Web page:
Robin McAlpine: It's all getting a bit Culloden – let's pick our moment wisely

CommonSpace columnist and Common Weal director Robin McAlpine says the independence movement must thoroughly examine the merits of the case for holding indyref 2 in 2018

DOES anyone else feel that there is a tone to parts of the debate about independence just now which is all a bit too Culloden? I certainly do and its making me a bit jumpy.

So, if you're not up to speed with season two of Outlander, the highlanders ended up being crushed on Culloden Moor because too much of the Jacobite movement did too much following and not enough asking of questions.

Is Culloden Moor the best place to fight a large English army? Is 16 April 1746 definitely the best day to have the fight? Are we prepared enough? Are we taking sufficiently seriously the physical state of our army, the power of the English muskets, cannons and cavalry, the conditions on the ground on the day?

If you were to make a calm assessment of the moment when we are at our strongest and our opponents are at their weakest, would you pick 2018?

And are we sure – really, really sure – that all we need is one more romantic and heroic charge by brave, claymore-swinging lads, rushing headlong into flying lead and galloping horses?

Fundamentally, is really believing in the rightness of a cause the same as having a proper battle plan? Is Charles Stewart's divinity all we need?

By all accounts, autumn 2018 seems to be coalescing as the 'likely' date of the next independence referendum (though no-one will say a word on the record). But why? If you were to make a calm assessment of the moment when we are at our strongest and our opponents are at their weakest, would you pick 2018?

You can debate whether our opponents are weaker during Brexit negotiations or after outcomes are made public. My money is on the latter.

But I just don't think you can argue that 2018 is the optimal moment for our troops. I remain close to many of the local groups across Scotland and almost universally they feel that things are chaotic, unorganised and that they personally are not yet prepared.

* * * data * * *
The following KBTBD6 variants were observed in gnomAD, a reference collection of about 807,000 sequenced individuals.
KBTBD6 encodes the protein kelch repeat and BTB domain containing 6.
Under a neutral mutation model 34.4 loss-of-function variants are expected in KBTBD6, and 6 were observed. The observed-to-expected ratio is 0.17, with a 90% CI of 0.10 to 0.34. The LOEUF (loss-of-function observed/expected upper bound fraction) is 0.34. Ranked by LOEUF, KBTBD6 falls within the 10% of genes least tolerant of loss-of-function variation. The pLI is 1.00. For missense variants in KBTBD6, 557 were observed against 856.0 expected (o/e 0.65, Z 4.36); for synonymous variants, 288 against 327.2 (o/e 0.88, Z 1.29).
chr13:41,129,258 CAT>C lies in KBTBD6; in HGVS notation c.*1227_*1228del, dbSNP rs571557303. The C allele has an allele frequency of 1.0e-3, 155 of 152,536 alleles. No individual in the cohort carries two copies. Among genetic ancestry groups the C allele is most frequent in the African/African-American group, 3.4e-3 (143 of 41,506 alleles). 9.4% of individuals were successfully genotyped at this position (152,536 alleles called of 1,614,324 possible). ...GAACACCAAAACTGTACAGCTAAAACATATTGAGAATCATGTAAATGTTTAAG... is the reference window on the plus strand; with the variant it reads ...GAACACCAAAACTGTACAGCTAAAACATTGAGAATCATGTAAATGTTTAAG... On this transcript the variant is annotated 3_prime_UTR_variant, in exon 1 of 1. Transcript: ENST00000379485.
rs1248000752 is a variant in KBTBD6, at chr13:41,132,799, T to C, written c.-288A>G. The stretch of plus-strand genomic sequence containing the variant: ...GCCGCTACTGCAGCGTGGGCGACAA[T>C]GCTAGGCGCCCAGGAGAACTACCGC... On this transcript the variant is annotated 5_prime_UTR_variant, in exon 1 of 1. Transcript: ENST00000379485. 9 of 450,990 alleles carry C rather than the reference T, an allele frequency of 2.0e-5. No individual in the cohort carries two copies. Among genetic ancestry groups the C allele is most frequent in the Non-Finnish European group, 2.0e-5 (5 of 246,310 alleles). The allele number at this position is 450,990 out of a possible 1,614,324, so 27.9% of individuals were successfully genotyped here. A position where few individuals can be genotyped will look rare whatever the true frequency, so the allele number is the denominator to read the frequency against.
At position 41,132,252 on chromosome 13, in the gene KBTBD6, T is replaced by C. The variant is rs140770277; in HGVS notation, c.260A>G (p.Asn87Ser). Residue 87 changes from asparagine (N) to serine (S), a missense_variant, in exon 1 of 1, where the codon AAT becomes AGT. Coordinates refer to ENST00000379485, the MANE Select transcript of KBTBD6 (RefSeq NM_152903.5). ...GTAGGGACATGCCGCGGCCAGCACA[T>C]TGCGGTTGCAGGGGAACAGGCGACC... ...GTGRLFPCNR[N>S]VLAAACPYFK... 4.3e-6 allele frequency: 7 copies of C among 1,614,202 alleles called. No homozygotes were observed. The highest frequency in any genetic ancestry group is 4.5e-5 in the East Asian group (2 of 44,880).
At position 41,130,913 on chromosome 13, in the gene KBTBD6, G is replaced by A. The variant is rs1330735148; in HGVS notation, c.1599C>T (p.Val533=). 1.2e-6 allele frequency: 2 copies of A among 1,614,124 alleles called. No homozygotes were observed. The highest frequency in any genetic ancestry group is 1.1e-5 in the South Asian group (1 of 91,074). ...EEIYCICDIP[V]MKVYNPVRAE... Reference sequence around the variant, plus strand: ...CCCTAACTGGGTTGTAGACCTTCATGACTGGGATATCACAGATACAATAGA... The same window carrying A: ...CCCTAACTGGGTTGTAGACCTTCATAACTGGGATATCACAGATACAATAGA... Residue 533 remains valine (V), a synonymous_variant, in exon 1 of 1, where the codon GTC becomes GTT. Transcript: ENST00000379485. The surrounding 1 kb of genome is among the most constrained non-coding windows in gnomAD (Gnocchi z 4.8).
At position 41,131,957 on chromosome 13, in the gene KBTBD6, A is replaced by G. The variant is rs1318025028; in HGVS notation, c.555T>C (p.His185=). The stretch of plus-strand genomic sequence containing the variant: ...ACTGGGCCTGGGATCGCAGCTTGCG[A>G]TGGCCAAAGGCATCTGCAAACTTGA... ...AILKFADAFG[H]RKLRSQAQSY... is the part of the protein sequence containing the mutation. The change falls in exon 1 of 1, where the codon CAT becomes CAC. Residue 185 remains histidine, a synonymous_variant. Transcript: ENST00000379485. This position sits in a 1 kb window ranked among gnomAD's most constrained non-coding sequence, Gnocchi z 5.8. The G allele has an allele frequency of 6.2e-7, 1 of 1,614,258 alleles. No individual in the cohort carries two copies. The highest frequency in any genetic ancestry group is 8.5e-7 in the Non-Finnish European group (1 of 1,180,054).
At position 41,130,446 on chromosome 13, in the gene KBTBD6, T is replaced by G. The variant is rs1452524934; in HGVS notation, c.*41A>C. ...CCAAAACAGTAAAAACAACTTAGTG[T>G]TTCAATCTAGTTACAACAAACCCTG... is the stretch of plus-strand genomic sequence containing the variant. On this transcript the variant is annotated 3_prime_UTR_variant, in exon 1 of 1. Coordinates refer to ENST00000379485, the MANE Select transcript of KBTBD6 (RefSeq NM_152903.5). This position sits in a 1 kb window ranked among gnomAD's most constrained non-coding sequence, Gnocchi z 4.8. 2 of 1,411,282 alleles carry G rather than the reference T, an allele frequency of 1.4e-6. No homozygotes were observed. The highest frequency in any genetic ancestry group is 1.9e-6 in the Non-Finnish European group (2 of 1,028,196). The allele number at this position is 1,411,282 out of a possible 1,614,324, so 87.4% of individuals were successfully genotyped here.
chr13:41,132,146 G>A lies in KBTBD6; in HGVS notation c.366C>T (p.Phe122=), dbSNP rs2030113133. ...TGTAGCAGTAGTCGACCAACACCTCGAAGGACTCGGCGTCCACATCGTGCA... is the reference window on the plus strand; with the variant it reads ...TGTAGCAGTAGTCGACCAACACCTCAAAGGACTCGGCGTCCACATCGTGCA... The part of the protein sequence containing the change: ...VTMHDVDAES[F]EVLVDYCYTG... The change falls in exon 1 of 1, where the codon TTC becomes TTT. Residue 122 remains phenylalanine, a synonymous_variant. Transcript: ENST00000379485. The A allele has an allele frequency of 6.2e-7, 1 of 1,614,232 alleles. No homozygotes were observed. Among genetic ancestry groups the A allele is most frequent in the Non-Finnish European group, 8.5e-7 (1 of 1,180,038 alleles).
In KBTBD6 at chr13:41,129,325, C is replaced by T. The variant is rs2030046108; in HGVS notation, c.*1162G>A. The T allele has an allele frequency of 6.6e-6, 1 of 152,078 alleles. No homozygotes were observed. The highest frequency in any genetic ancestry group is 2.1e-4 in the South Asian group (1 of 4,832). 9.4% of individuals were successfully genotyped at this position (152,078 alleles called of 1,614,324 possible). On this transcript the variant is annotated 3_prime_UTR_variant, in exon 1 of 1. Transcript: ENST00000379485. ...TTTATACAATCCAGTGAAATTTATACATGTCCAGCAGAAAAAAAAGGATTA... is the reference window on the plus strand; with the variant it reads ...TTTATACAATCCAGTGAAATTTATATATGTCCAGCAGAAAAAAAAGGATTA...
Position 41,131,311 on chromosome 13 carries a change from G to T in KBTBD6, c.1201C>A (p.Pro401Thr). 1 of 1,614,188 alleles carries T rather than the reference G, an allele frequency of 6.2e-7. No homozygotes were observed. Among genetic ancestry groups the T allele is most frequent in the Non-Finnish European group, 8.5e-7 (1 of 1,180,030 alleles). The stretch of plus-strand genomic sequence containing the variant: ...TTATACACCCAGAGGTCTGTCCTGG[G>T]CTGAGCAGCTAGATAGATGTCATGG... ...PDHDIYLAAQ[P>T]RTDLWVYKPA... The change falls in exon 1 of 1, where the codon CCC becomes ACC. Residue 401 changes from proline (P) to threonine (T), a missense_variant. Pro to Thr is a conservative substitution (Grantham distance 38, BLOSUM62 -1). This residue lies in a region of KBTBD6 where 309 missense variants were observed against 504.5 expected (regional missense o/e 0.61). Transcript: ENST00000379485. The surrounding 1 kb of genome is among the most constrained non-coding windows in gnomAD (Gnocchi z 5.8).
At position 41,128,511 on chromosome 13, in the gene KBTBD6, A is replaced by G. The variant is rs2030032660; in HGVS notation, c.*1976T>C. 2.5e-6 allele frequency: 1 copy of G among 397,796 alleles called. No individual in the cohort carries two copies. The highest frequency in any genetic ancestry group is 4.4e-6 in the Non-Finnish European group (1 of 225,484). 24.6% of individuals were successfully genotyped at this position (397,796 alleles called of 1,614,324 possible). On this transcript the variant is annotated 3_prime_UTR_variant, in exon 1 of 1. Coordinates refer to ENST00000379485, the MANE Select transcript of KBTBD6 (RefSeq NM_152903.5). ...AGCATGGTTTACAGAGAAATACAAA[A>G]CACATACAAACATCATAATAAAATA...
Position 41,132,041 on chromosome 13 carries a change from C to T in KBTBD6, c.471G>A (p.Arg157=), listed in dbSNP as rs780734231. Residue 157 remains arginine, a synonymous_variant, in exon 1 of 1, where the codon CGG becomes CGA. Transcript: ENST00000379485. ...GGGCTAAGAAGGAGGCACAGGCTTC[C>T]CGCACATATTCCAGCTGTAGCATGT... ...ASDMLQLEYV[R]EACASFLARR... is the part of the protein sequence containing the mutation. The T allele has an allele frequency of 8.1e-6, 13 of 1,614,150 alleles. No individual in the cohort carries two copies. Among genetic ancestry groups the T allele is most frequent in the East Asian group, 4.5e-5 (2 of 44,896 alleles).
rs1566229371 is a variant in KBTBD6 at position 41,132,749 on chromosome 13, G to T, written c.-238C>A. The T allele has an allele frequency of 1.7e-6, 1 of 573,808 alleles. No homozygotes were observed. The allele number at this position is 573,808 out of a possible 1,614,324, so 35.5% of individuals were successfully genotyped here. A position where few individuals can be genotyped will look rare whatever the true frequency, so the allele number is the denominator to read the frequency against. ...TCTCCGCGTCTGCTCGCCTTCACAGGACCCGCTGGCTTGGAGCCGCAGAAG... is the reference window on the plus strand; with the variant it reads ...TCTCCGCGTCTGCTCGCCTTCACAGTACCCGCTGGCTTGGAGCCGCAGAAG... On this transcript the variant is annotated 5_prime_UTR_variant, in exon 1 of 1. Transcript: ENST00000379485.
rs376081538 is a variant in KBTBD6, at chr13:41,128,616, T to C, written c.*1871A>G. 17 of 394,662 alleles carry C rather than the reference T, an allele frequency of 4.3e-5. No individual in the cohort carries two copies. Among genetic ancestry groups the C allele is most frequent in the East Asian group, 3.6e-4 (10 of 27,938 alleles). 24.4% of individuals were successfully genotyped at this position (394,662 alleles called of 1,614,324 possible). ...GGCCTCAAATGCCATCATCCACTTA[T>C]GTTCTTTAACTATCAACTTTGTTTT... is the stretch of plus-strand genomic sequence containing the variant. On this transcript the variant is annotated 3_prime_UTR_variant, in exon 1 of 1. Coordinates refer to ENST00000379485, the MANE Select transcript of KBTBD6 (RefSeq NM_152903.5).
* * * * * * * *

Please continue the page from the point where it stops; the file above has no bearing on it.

I remain close to many of the local groups across Scotland and almost universally they feel that things are chaotic, unorganised and that they personally are not yet prepared.

For a 2018 battle we need the troops marching in formation a few months from now. My assessment (which is shared by many of the people who actually ran local campaigns last time) is that it might just about be possible if we started immediately and worked really hard – but it would be skin of the teeth stuff.

Everyone is perfectly well aware that the case for Scottish independence has not moved forward at all since 2014 – there is barely a question asked of us that we're better able to answer now than we were then.

And in the realms of serious, modern political campaigning, our strategy and structure is weak. This can be fixed fairly quickly, but not overnight.

Now there are those who will be quick to label me a Doubting Thomas. Indeed, if you are up to date with your Outlander-watching you'll know that it is always easier to acquiesce with power than to question it. Wave your dirk around, shout about how there is only one true king and complicated questions about an outbreak of dysentery among our soldiers melt into thin air.

Everyone is perfectly well aware that the case for Scottish independence has not moved forward at all since 2014 – there is barely a question asked of us that we're better able to answer now than we were then.